It’s those problems that you have to worry about. Inflammation and glaucoma can cause a lot of pain for your dog. With that in mind, it’s best to treat your dog as early as possible to prevent cataracts from progressing.
What Can You Do When Your Dog Has Cataracts?
Knowing all this, what can you do when your dog suffers from cataracts? Once the condition has been confirmed, you can discuss the best course of action with your vet.
You might also need to make changes around the house to accommodate your dog’s needs. As the cataract progresses, your dog might experience a gradual vision loss. This can cause disorientation and confusion.
Thankfully, your dog can still rely on its other senses. You can help your dog get used to its condition by placing various sensory cues around the house. For example:
- Wind chimes by the door
- Different textured rugs in separate rooms and near the stairs
- Different fragrances in each room
This way, they can still navigate their surroundings based on other cues, such as smell and texture, and not just vision.
Canine Cataract Treatments
Cataract surgery is one of the most common treatments. However, since it’s a very invasive procedure, vets will only recommend cataract surgery if your dog’s vision is significantly impaired. Moreover, certain additional problems, such as glaucoma, dry eyes, and inflammation, can make the surgery riskier.
Furthermore, canine cataract surgery can be costly. The surgery alone can cost you more than $5,000 per eye, not to mention the cost of post-surgery care. While surgery can restore your dog’s vision, it might not be the most accessible option.
If your dog’s cataracts are still mild or surgery is not a viable option, your vet may recommend other treatments, such as using lanosterol eye drops. If another underlying health issue causes the cataract, the vet might suggest treating that condition first.
Can Cataracts in Dogs Be Cured With Lanosterol Eye Drops?
In some cases, Lanosterol eye drops may reduce cataracts in dogs, but experts disagree. More research is needed to reach a conclusion.
Expert opinions vary. It cannot be said for sure that lanosterol eye drops can cure cataracts in dogs. Some believe that it can significantly reverse cataract progression, while others claim it has little to no effect on cataracts. More research and evidence are needed to determine whether lanosterol can be a viable treatment for cataracts.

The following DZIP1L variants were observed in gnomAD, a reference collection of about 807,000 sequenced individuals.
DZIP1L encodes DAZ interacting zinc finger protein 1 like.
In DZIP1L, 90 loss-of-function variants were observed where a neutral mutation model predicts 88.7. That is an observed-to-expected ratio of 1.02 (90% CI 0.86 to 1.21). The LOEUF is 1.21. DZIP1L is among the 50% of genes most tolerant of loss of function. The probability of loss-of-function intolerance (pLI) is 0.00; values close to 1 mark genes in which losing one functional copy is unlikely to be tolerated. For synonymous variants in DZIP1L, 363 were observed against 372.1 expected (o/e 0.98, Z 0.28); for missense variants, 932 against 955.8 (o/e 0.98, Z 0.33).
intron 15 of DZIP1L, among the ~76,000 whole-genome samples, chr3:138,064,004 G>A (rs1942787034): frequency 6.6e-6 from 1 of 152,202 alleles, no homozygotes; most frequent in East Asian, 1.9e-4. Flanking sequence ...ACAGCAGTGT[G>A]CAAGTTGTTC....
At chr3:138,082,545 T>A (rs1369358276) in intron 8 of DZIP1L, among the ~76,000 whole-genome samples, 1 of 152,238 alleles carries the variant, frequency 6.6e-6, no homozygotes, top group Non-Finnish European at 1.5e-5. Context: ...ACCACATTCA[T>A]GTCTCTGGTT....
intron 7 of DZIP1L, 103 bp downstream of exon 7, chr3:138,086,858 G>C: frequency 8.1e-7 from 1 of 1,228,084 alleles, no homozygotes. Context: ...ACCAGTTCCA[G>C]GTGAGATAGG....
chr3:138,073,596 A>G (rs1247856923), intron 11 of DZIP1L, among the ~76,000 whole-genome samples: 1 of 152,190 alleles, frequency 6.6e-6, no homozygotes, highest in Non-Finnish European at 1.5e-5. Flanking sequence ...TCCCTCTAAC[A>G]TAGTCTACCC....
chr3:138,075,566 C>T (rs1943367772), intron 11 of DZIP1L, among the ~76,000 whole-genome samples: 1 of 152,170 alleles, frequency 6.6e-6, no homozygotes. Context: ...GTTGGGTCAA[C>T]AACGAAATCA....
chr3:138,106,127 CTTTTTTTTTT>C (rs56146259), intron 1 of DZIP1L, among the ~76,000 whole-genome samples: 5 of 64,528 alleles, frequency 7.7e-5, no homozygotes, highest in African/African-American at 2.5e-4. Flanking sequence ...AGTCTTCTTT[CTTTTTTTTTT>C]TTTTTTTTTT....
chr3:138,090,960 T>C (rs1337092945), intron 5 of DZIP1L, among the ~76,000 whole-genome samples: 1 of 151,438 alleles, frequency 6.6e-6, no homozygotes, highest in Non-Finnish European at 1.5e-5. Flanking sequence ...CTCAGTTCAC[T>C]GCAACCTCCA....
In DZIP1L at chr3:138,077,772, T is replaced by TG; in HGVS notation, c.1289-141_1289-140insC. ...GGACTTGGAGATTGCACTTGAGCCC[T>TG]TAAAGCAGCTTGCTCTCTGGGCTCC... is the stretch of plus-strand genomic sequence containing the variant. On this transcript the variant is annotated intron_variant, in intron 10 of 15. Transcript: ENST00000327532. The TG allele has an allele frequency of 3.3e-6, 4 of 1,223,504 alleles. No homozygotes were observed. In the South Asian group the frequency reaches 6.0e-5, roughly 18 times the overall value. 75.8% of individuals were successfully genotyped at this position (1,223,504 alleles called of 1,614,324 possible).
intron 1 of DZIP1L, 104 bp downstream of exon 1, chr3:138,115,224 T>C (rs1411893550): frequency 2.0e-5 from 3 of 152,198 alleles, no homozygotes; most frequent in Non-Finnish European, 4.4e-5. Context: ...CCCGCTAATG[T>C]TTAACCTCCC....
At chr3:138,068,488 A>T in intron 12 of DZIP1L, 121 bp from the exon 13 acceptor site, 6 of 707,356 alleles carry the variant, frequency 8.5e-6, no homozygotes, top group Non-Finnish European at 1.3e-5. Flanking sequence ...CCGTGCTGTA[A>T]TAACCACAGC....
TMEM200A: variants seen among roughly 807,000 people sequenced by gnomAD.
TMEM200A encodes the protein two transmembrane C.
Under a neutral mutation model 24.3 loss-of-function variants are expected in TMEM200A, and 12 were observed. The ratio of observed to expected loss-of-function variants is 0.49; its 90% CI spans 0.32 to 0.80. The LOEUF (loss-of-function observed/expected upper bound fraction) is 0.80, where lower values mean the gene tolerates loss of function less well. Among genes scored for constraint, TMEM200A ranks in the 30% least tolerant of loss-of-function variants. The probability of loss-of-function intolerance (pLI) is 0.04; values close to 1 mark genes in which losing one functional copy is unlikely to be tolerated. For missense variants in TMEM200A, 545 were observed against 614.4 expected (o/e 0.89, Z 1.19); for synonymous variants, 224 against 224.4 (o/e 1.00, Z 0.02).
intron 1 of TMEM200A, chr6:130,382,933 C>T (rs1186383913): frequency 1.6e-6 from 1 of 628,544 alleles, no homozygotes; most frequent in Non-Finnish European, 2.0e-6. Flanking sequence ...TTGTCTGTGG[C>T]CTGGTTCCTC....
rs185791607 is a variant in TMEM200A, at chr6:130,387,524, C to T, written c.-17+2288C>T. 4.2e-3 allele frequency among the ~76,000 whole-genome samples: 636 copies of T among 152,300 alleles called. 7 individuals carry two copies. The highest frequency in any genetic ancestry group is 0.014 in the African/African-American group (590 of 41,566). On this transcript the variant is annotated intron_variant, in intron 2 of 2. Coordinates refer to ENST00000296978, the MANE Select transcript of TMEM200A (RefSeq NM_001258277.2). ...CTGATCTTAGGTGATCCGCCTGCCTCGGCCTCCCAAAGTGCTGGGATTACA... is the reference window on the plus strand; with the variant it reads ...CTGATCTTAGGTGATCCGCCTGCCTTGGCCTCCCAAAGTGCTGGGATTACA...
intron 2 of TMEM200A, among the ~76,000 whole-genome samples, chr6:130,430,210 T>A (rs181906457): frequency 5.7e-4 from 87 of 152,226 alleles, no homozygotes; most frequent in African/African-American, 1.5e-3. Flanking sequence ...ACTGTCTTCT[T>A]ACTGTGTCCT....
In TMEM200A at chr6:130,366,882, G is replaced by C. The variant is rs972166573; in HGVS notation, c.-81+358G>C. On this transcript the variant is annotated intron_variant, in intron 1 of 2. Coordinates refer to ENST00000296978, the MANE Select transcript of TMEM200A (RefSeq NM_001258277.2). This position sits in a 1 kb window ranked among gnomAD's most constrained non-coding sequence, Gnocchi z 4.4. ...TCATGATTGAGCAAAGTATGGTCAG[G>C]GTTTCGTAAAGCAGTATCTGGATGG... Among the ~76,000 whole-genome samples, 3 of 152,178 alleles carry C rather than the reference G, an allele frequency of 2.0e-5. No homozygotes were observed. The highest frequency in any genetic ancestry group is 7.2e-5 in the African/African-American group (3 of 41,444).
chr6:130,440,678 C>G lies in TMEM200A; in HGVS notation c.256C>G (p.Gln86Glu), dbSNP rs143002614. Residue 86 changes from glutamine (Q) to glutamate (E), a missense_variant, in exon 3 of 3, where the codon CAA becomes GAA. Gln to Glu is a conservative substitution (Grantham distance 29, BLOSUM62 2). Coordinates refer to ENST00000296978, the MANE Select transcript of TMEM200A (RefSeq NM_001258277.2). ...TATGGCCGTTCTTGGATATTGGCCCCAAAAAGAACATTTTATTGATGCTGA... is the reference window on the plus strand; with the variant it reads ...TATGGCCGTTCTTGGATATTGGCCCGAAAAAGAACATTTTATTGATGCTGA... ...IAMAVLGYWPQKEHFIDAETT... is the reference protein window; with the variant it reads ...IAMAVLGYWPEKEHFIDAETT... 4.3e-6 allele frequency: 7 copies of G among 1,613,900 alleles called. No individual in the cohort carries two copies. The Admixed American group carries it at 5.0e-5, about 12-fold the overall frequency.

Does this mean that you shouldn’t use lanosterol eye drops? Not at all! Lanosterol eye drops can still offer a variety of benefits for your dog.
Benefits of Using Lanosterol Eye Drops for Canine Cataracts
It’s widely believed that lanosterol eye drops cannot fully eliminate canine cataracts. At least, not yet, since the advancement of science and technology has not reached that state yet. However, your dog can still benefit from using lanosterol eye drops.
To start, they can prevent cataracts from forming in the first place. Some dogs are more susceptible to cataracts than others. In that situation, vets may recommend using lanosterol eye drops as a preventive measure.
Lanosterol eye drops can also slow down cataracts progression. While they may not be able to fully reverse the effects of cataracts on your dog’s eyes, these topical eye drops can prevent the condition from getting worse.
Additionally, while anecdotes are not a substitute for proper, peer-reviewed studies, many pet owners have sung praises for lanosterol eye drops. Many pet owners claim that the eye drops managed to help brighten their dogs’ eyes within a few weeks.
There’s no reason why you shouldn’t try lanosterol eye drops to cure your dog’s cataracts. Just remember to consult your veterinarian first before starting the treatment.
Are There Any Side Effects?
Lanosterol eye drops have no side effects when used on dogs. As mentioned earlier, lanosterol is commonly found in all animals, so it’s unlikely to cause any adverse reactions.
That said, lanosterol eye drops can cause a slight stinging sensation when administered. This shouldn’t be a cause of concern, as the sting will disappear after a few moments.
Using Lanosterol Eye Drops On Dogs
If you’re interested in using lanosterol eye drops on your dog, you should consult your vet first. Also, if your dog is using other types of eye drops, check with your vet to see if they can be used together.
Additionally, make sure to choose the right lanosterol eye drops for your dog. Not all lanosterol eye drops on the market are effective. The lanosterol molecules cannot correctly enter the eye lens in some products, rendering the treatment ineffective.
That’s why you must only use trusted and recommended lanosterol eye drops, such as our Advanced Lanosterol Solution + NAC. Made using advanced, high-end automated manufacturing processes, it’s one of the best lanosterol eye drops you can get for your dog.
The dosage may differ based on factors such as:
- The dog’s size
- The cataract’s size
- The cataract’s severity
- The eye drop brand
Always read the instruction guide and consult your vet before administering the eye drops.
Lanosterol eye drops are a safe cataract treatment for dogs. Other than a slight stinging sensation when applied, lanosterol eye drops are unlikely to cause any harm in dogs.
That said, lanosterol eye drops may not cure canine cataracts fully. For now, surgery is still the best treatment.
While you cannot rely on eye drops to restore your dog’s vision, they might still be able to provide some relief and prevent new cataracts from forming.
- Petful: What You Need to Know About Cataracts in Dogs
- Harvard University SITN: Can Cataracts Be Cured With a Simple Eye Drop?
- Verywell Health: Eye Drops for Cataracts
- Best Friends Resources: Cataracts in Dogs: Causes, Diagnosis, and Treatment
- Indy Animal Eye Clinic: Cataract – Canine
- Fetch by WebMD: Cataracts in Dogs
- VCA Animal Hospitals: Cataracts in Dogs
- RehabVet: Cataracts in Dogs
- American Kennel Club: Cloudy Eyes in Dogs
- Preventive Vet: Cloudy Eyes – Not Always Cataracts
- Royal Veterinary College - University of London: Cataract surgery
- Cell.com: Lord of the rings – the mechanism for oxidosqualene:lanosterol cyclase becomes crystal clear
- Animal Emergency & Referral Associates: Signs Your Pet May Have Glaucoma or Cataracts
- PetMD: Cataracts in Dogs: Everything You Need to Know
- NCBI: Journal of Ophthalmology: Lanosterol Synthase Pathway Alleviates Lens Opacity in Age-Related Cortical Cataract
- PubMed: Lanosterol reverses protein aggregation in cataracts